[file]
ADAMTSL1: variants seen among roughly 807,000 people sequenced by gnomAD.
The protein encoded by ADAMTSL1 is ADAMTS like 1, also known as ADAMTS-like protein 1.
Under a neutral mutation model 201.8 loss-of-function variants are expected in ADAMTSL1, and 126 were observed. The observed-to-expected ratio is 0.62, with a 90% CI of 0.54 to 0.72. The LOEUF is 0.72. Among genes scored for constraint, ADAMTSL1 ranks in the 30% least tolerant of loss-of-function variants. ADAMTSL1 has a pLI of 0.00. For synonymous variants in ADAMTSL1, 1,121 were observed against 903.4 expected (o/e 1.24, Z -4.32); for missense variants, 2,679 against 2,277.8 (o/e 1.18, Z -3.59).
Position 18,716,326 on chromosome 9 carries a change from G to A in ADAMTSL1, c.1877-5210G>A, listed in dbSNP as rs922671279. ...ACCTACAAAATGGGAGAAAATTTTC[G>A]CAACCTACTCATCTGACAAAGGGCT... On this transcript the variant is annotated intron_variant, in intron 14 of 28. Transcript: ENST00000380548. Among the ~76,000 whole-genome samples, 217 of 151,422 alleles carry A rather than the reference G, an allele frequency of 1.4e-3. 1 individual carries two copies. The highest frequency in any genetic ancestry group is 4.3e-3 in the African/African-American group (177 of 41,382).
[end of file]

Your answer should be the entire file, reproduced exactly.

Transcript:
ADAMTSL1: variants seen among roughly 807,000 people sequenced by gnomAD.
The protein encoded by ADAMTSL1 is ADAMTS like 1, also known as ADAMTS-like protein 1.
Under a neutral mutation model 201.8 loss-of-function variants are expected in ADAMTSL1, and 126 were observed. The observed-to-expected ratio is 0.62, with a 90% CI of 0.54 to 0.72. The LOEUF is 0.72. Among genes scored for constraint, ADAMTSL1 ranks in the 30% least tolerant of loss-of-function variants. ADAMTSL1 has a pLI of 0.00. For synonymous variants in ADAMTSL1, 1,121 were observed against 903.4 expected (o/e 1.24, Z -4.32); for missense variants, 2,679 against 2,277.8 (o/e 1.18, Z -3.59).
Position 18,716,326 on chromosome 9 carries a change from G to A in ADAMTSL1, c.1877-5210G>A, listed in dbSNP as rs922671279. ...ACCTACAAAATGGGAGAAAATTTTC[G>A]CAACCTACTCATCTGACAAAGGGCT... On this transcript the variant is annotated intron_variant, in intron 14 of 28. Transcript: ENST00000380548. Among the ~76,000 whole-genome samples, 217 of 151,422 alleles carry A rather than the reference G, an allele frequency of 1.4e-3. 1 individual carries two copies. The highest frequency in any genetic ancestry group is 4.3e-3 in the African/African-American group (177 of 41,382).